26 April 2007

Choice and Change

I believe that personal CHOICE has a huge impact on the way that change is both perceived and dealt with.

Does the end user feel that he or she has a choice in the changes that are being made? For example, if a new software package is being implemented, did the user have any say as to which package was chosen?

Regarding training for change: Are you giving the user a choice as to how he/she will be trained in the new application or business process? For example, are you making several different types of training available (computer-based and instructor-led) to allow the users to pick the method they prefer. One size does not fit all when it comes to training and training is a crucial tool in successful change management.

I have personally encountered users who would rather switch jobs (such as: move to a new department within their company, take a buy-out or even retire) rather than accept change, such as learning a new software package. As long as this choice can be accommodated, it makes perfect sense for both user and the company that is making the change.

I’m not saying that companies should not change. I’m saying that, as much as possible, giving their users a CHOICE as to how the changes are implemented is a key factor to doing it successfully.

21 April 2007

I know it's been a while!

It's been nearly a year since my last post on this blog. You might be asking, "Well, what took you so long?" It's a fair question.

Sometimes life intervenes. In my case, the number of children in my household doubled and my family moved across the North American continent. All of this change meant that the level of stress increased dramatically in my life and that of my family. I wish that I could tell you that we all found healthy means to work with the higher stress levels, but no, we didn't. As with most human beings, we handled some issues well, some issues poorly, and other issues somewhere in between.

From a business operations perspective, many of the company's business processes changed, responsibilities shifted, and activities had to be handled differently. Again, some of the staff sailed through these changes with no apparent difficulties, others experienced a few minor bumps along the way, and a few were unable, or unwilling, to handle the changing business environment.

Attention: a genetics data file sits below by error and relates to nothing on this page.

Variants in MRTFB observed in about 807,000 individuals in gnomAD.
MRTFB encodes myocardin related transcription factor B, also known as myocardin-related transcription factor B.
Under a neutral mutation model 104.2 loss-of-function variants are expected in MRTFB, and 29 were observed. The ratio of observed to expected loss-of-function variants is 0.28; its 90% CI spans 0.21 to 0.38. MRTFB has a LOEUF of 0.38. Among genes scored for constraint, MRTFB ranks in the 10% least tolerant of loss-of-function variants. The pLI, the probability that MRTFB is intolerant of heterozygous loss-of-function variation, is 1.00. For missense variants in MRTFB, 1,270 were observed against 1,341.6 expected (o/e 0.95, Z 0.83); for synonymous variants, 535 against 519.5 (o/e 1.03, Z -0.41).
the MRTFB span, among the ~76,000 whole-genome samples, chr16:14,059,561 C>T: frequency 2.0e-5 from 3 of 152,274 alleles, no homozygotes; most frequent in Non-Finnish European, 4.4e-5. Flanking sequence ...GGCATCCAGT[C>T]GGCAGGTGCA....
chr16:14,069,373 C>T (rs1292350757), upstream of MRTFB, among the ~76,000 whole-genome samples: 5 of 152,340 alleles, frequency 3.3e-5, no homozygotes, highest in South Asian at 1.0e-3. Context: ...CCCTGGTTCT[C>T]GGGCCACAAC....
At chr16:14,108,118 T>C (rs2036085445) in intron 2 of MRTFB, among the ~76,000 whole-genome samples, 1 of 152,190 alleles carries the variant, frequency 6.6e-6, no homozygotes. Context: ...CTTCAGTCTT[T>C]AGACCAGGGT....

It's been a year of upheaval and change. I thought about this blog at least once a week telling myself that I would write about . . . something. Then the demands of family, friends, and business would carry me away into another engrossing activity.

Now that I can look back over the past year's events, I find myself more empathetic regarding the changes we ask our clients to accept and embrace. Change is a fact of life. We make this statement to ourselves and our clients' employees during every implementation, migration, or upgrade. Business is constantly evolving. We encourage process improvement and business transformation to help companies and their employees to keep pace with the ever changing economic landscape.

Yet, rarely do we, as advisers and consultants, acknowledge overtly the tremendous stress that this constant adjusting can produce in people's work and personal lives. We schedule meetings and talk about change management and business transformation. Perhaps what we really need to discuss is the stress caused by change and how to manage it.

These are some initial thoughts. I plan to write more on this topic and other training related topics over the next several months. I'd be very interested in hearing what others think about business transformation and the stress it creates in the workplace.